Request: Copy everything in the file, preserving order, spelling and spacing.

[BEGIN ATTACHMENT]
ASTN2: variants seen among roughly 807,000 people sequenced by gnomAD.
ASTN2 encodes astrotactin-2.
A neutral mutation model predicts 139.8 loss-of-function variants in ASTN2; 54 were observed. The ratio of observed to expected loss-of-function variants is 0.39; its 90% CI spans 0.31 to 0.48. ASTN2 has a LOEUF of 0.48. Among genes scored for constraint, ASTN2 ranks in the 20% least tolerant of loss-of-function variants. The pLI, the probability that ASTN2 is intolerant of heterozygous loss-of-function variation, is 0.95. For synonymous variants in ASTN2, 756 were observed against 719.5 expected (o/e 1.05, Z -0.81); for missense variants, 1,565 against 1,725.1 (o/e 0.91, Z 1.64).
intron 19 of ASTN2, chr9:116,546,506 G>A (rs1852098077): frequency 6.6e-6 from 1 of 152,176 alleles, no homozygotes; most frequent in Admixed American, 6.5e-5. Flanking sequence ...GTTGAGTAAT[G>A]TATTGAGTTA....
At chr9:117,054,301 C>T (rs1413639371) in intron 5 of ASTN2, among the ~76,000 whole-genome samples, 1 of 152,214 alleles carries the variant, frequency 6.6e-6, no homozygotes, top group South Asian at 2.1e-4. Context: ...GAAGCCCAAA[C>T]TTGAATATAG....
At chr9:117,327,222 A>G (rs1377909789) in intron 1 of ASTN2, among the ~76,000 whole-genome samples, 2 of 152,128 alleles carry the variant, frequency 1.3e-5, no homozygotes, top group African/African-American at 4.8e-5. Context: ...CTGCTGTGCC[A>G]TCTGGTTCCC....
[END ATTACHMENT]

ASTN2: variants seen among roughly 807,000 people sequenced by gnomAD.
ASTN2 encodes astrotactin-2.
A neutral mutation model predicts 139.8 loss-of-function variants in ASTN2; 54 were observed. The ratio of observed to expected loss-of-function variants is 0.39; its 90% CI spans 0.31 to 0.48. ASTN2 has a LOEUF of 0.48. Among genes scored for constraint, ASTN2 ranks in the 20% least tolerant of loss-of-function variants. The pLI, the probability that ASTN2 is intolerant of heterozygous loss-of-function variation, is 0.95. For synonymous variants in ASTN2, 756 were observed against 719.5 expected (o/e 1.05, Z -0.81); for missense variants, 1,565 against 1,725.1 (o/e 0.91, Z 1.64).
intron 19 of ASTN2, chr9:116,546,506 G>A (rs1852098077): frequency 6.6e-6 from 1 of 152,176 alleles, no homozygotes; most frequent in Admixed American, 6.5e-5. Flanking sequence ...GTTGAGTAAT[G>A]TATTGAGTTA....
At chr9:117,054,301 C>T (rs1413639371) in intron 5 of ASTN2, among the ~76,000 whole-genome samples, 1 of 152,214 alleles carries the variant, frequency 6.6e-6, no homozygotes, top group South Asian at 2.1e-4. Context: ...GAAGCCCAAA[C>T]TTGAATATAG....
At chr9:117,327,222 A>G (rs1377909789) in intron 1 of ASTN2, among the ~76,000 whole-genome samples, 2 of 152,128 alleles carry the variant, frequency 1.3e-5, no homozygotes, top group African/African-American at 4.8e-5. Context: ...CTGCTGTGCC[A>G]TCTGGTTCCC....